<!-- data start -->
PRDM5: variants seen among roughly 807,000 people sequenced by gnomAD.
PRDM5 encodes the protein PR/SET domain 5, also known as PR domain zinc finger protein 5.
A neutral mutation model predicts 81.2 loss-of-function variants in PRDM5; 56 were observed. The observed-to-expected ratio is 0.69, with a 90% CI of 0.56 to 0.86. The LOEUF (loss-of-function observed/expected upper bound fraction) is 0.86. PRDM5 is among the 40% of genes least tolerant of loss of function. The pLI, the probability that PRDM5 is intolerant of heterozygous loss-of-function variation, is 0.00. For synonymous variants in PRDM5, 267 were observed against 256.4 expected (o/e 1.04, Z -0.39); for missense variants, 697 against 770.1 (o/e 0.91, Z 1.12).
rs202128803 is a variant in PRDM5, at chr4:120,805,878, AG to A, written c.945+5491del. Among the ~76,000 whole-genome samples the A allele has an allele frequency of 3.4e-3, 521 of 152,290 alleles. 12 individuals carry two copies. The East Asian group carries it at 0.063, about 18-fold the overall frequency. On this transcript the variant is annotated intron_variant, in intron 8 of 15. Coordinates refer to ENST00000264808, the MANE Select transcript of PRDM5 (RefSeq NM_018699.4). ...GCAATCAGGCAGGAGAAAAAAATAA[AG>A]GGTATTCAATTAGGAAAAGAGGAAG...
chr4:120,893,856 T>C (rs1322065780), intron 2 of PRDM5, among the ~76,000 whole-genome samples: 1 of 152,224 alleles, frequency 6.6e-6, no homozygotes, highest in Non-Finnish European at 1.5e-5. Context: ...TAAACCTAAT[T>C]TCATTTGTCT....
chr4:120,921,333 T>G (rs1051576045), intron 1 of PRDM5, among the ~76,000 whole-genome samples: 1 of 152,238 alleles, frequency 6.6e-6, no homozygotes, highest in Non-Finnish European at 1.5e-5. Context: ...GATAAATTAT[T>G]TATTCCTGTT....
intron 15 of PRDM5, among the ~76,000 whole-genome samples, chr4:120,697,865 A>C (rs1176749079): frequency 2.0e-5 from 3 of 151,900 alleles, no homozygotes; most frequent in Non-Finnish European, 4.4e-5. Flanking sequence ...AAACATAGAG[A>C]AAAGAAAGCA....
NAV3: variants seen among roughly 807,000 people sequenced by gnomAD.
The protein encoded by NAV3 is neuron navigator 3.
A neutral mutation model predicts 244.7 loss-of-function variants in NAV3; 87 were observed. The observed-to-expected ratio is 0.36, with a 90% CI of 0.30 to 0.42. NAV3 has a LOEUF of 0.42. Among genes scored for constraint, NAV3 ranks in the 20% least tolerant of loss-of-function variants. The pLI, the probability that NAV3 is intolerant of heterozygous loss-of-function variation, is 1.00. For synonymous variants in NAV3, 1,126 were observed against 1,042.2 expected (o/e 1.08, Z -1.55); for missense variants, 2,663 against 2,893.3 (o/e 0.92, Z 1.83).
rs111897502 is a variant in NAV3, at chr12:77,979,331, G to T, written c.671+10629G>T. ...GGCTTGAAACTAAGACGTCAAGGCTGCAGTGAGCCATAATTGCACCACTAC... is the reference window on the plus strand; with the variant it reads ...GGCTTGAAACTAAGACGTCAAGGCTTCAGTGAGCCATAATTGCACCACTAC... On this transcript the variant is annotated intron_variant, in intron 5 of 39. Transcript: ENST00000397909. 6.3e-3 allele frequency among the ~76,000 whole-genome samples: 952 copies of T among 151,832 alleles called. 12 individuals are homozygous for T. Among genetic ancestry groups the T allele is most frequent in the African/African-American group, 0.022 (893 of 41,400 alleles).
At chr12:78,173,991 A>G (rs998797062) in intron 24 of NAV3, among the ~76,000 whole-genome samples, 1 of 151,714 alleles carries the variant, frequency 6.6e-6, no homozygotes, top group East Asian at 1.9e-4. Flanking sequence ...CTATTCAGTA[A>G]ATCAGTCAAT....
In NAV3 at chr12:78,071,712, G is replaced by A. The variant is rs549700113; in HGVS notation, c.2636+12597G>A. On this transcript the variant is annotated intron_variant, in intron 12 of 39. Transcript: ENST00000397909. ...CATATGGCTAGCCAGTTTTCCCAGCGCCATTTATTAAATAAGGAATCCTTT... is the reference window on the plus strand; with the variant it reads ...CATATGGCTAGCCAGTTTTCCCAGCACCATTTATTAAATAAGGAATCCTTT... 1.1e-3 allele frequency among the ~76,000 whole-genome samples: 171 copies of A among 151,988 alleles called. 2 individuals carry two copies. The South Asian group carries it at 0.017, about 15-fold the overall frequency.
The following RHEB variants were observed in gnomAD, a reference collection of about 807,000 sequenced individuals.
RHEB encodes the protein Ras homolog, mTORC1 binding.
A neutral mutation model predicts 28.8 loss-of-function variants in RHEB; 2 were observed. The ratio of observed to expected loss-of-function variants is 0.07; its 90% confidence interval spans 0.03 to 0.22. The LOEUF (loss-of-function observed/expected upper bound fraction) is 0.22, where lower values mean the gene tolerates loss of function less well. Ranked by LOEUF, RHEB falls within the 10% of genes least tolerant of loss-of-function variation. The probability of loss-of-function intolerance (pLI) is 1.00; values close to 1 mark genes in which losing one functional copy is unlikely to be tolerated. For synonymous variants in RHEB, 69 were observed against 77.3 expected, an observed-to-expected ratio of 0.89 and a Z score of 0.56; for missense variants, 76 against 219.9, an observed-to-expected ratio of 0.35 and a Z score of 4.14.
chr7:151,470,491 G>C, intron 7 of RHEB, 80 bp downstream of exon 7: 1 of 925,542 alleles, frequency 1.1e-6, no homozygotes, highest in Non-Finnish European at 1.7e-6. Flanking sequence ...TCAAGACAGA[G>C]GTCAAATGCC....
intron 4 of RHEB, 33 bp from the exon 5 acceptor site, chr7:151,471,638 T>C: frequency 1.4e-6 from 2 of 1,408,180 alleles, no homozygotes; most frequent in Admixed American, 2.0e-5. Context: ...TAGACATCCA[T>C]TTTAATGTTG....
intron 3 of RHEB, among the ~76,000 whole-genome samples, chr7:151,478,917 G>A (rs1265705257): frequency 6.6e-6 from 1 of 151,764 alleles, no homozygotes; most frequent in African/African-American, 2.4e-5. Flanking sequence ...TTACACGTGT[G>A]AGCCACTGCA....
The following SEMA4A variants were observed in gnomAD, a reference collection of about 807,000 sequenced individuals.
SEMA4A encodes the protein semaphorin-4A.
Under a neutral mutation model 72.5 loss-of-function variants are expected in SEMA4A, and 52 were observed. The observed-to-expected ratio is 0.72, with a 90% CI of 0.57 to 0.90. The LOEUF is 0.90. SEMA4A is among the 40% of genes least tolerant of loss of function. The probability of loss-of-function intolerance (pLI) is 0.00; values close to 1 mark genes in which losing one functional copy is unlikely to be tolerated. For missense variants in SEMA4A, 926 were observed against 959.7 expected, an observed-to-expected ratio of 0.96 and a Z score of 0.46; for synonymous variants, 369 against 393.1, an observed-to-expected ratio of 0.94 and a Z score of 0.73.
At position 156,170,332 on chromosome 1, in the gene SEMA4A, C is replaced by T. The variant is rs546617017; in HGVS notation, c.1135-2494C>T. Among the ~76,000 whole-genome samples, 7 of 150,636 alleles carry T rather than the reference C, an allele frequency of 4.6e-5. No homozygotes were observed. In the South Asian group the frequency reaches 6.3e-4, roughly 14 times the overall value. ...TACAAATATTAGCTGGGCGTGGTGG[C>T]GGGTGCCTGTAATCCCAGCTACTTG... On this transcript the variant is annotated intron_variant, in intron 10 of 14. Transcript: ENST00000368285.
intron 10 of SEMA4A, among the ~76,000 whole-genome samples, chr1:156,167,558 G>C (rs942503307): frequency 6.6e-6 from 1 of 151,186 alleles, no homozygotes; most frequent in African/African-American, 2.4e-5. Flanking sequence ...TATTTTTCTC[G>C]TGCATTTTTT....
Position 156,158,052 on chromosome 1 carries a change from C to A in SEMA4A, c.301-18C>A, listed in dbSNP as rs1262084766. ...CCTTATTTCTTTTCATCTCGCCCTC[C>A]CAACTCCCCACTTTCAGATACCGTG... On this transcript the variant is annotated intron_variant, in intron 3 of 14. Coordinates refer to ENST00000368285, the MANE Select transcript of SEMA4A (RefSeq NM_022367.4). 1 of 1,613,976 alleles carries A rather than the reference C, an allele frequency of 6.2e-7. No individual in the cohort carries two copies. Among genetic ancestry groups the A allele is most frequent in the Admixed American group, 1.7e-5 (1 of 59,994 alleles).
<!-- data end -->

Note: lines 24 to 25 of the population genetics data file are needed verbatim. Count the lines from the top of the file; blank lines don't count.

intron 10 of SEMA4A, among the ~76,000 whole-genome samples, chr1:156,167,558 G>C (rs942503307): frequency 6.6e-6 from 1 of 151,186 alleles, no homozygotes; most frequent in African/African-American, 2.4e-5. Flanking sequence ...TATTTTTCTC[G>C]TGCATTTTTT....
Position 156,158,052 on chromosome 1 carries a change from C to A in SEMA4A, c.301-18C>A, listed in dbSNP as rs1262084766. ...CCTTATTTCTTTTCATCTCGCCCTC[C>A]CAACTCCCCACTTTCAGATACCGTG... On this transcript the variant is annotated intron_variant, in intron 3 of 14. Coordinates refer to ENST00000368285, the MANE Select transcript of SEMA4A (RefSeq NM_022367.4). 1 of 1,613,976 alleles carries A rather than the reference C, an allele frequency of 6.2e-7. No individual in the cohort carries two copies. Among genetic ancestry groups the A allele is most frequent in the Admixed American group, 1.7e-5 (1 of 59,994 alleles).